General Motors Co. is offering $25 gift cards to several hundred thousand owners of recalled Chevrolet Cobalts, Saturn Ions and other older cars if they bring their vehicles into dealerships to have ignition switch repairs completed by Dec. 1.

The financial incentive is highly unusual in the auto industry, which typically sees about one in four cars left unrepaired in a recall.

More than 1.27 million older Cobalts, Ions and other cars with faulty ignitions switches have been repaired through Oct. 27 out of 2.59 million GM recalled earlier this year. The ignition switch can move out of the “run” position while driving, causing the driver to lose power steering, braking and, in a crash, air bags might not deploy. The company initially attributed 54 crashes and 13 deaths to the problem, but an independent expert has approved compensation for 30 deaths linked to the problem.

GM’s supplier Delphi Automotive finished making all parts necessary to complete repairs ahead of an early October target. But the number of people taking their cars into dealerships for repairs has slowed in recent weeks.

Brochures about the gift card program started going out last week to people who have taken no action to get their vehicles fixed, GM spokeswoman Ryndee Carney said. The promotion is available to around 700,000 people, but only those who haven’t ordered parts or contacted a dealer to get their ignition switch repaired, Carney said; Owners who have ordered parts but haven’t had their cars repaired aren’t eligible for the gift cards, she said.

“We’re reaching out to them in a variety of ways,” she said. “One of the things we’re doing is giving them an opportunity to get a $25 gift card.”

Owners of the recalled cars who complete their repairs at dealerships by Dec. 1 will receive a code and can go online to select a gift card from seven retailers including Amazon, AMC, Applebee’s, Bass Pro Shops, Red Robin, Starbucks or Wal-Mart. Carney said the gift cards should be mailed to customers within two to four weeks. If 700,000 people took advantage of the program it could cost $17.5 million.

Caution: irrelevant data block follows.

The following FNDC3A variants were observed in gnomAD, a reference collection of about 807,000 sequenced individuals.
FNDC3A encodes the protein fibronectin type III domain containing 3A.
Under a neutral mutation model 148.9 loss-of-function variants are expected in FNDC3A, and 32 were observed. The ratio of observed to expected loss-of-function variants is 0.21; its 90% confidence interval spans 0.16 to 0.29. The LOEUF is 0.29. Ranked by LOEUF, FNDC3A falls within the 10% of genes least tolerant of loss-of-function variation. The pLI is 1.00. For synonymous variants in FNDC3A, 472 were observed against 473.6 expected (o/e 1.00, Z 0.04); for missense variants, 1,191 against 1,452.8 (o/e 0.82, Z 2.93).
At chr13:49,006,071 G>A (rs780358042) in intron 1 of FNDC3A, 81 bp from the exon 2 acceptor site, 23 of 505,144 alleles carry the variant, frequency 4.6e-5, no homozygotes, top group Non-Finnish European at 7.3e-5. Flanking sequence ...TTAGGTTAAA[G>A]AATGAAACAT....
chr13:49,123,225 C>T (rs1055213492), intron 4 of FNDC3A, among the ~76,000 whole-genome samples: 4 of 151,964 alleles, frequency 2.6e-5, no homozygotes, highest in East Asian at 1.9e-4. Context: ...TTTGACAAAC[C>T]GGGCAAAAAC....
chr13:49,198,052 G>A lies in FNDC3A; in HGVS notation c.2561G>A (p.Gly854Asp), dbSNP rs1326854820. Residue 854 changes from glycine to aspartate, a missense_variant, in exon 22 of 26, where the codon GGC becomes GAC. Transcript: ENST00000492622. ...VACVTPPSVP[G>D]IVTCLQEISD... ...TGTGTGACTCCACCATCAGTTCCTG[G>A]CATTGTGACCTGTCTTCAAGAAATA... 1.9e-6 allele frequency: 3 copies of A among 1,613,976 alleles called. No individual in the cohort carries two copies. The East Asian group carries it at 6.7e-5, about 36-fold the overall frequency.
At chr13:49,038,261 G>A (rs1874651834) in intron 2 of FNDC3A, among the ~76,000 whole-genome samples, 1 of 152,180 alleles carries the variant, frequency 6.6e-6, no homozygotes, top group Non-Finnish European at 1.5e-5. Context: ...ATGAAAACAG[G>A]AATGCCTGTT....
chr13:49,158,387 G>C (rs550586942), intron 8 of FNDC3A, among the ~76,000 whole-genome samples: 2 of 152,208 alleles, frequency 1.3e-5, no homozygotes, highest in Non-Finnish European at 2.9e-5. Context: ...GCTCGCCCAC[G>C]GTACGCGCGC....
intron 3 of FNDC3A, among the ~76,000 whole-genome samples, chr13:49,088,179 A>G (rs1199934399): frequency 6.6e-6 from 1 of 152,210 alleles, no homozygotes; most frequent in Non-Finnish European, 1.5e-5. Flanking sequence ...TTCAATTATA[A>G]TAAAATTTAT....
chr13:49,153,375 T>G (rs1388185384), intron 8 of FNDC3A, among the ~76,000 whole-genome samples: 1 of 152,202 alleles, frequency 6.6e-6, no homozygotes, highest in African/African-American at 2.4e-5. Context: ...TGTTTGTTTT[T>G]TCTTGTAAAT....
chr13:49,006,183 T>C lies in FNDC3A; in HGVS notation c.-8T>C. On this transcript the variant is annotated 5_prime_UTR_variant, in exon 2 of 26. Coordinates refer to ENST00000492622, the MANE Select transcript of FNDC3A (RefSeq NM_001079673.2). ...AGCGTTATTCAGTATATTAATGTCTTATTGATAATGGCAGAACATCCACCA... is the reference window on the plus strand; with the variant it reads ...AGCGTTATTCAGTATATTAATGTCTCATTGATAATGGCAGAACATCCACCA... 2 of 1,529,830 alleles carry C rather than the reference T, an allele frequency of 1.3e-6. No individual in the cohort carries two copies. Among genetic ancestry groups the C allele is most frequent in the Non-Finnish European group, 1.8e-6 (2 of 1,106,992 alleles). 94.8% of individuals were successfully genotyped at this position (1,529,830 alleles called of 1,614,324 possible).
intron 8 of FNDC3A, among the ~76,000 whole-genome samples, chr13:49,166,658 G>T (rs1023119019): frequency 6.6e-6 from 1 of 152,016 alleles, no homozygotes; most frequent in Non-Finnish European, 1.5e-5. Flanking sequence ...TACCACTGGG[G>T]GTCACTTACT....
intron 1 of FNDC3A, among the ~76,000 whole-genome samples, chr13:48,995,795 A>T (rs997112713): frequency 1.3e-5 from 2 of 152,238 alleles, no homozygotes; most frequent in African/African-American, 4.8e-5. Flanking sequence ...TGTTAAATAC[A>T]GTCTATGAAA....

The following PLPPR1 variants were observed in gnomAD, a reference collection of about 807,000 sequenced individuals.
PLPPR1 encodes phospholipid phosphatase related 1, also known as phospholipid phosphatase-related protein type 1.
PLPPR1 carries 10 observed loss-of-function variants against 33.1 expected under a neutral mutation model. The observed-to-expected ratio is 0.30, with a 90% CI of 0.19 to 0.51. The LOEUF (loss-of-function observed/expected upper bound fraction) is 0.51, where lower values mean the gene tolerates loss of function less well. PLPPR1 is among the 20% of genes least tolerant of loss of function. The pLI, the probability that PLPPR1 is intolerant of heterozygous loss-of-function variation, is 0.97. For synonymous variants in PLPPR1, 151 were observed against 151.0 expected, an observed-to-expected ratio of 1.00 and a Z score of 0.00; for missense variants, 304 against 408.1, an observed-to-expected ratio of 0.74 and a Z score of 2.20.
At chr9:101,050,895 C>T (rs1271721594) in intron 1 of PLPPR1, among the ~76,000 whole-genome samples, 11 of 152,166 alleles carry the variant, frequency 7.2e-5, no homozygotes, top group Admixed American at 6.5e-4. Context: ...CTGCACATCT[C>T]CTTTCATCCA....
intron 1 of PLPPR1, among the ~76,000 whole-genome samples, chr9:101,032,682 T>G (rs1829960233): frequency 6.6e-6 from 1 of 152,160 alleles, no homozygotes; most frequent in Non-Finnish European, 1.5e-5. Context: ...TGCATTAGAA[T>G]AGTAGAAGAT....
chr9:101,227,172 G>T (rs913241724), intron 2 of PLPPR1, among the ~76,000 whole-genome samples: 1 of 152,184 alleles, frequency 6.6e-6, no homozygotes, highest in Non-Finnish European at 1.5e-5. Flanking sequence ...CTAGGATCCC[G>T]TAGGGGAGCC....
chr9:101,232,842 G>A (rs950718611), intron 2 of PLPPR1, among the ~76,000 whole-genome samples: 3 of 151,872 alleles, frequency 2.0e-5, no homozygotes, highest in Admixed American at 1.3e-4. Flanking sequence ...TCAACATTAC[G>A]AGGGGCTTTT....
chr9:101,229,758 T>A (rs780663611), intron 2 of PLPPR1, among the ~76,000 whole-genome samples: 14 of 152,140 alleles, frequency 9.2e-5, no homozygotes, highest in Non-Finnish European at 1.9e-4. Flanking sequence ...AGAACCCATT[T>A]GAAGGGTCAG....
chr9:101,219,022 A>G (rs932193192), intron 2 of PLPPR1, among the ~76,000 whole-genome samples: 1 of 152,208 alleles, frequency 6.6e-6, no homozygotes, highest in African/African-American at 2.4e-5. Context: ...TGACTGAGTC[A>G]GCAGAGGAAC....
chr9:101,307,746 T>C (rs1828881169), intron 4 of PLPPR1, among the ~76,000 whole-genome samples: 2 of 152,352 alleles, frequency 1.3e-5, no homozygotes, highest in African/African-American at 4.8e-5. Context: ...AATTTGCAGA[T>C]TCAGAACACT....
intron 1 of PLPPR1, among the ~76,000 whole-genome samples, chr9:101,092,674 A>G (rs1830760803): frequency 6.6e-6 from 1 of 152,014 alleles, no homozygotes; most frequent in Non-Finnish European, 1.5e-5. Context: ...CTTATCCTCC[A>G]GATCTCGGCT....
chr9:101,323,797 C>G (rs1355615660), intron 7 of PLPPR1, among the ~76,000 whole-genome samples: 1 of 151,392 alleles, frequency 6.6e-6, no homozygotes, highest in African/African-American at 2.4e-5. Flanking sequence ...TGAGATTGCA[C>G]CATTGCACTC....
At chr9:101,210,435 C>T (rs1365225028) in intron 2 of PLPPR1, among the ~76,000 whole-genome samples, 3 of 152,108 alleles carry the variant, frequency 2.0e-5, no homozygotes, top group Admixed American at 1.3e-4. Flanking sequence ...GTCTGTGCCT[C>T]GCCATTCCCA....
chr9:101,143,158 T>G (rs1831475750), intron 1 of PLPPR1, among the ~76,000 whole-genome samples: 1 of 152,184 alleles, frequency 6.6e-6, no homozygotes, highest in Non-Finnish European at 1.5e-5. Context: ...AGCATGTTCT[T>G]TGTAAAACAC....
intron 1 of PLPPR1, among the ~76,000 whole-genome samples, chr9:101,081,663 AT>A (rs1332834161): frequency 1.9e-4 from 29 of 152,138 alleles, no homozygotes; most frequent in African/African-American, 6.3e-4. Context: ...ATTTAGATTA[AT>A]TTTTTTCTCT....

Automotive News reported the gift card effort by GM Tuesday.

GM executives repeatedly have stated they want all recalled vehicles to get repairs. The average recall completion rate in the U.S. is about 75 percent each year, but the rate for older vehicles is much lower, according to the National Highway Traffic Safety Administration.

A NHTSA spokeswoman on Tuesday said the regulatory agency is supportive of GM’s gift card efforts and encourages GM to do everything it can to get customers affected by the recall into dealerships to repair their vehicles. GM held focus groups this summer and considered various incentives. The company has been in talks with NHTSA for months to find ways to motivate reluctant owners to get to the dearlership.

In 2010, in the height of Toyota Motor Corp.’s unintended acceleration recall, Toyota gave money to dealers to offer incentives to customers. Dealers then offered customers things such as gift certificates to nearby restaurants while vehicles were getting fixed and 24-hour service to help encourage people to have their vehicles fixed, said Mike Michels, vice president of corporate communications for Toyota.

The initiatives helped “enormously” with response rates, Michels said.

Karl Brauer, senior director of insights for Kelley Blue Book, said GM is taking an atypical approach to ensuring more people get their vehicles fixed.

“I think it’s a great idea,” Brauer said. “It’s another kind of break from GM’s past, putting this extra effort and resources into getting people to respond to these recall notices. It just shows a heightened level of commitment to fix these ignition switches.”

Detroit News Staff Reporter David Shepardson contributed

mburden@detroitnews.com

(313) 222-2319

Twitter.com/MBurden_DN

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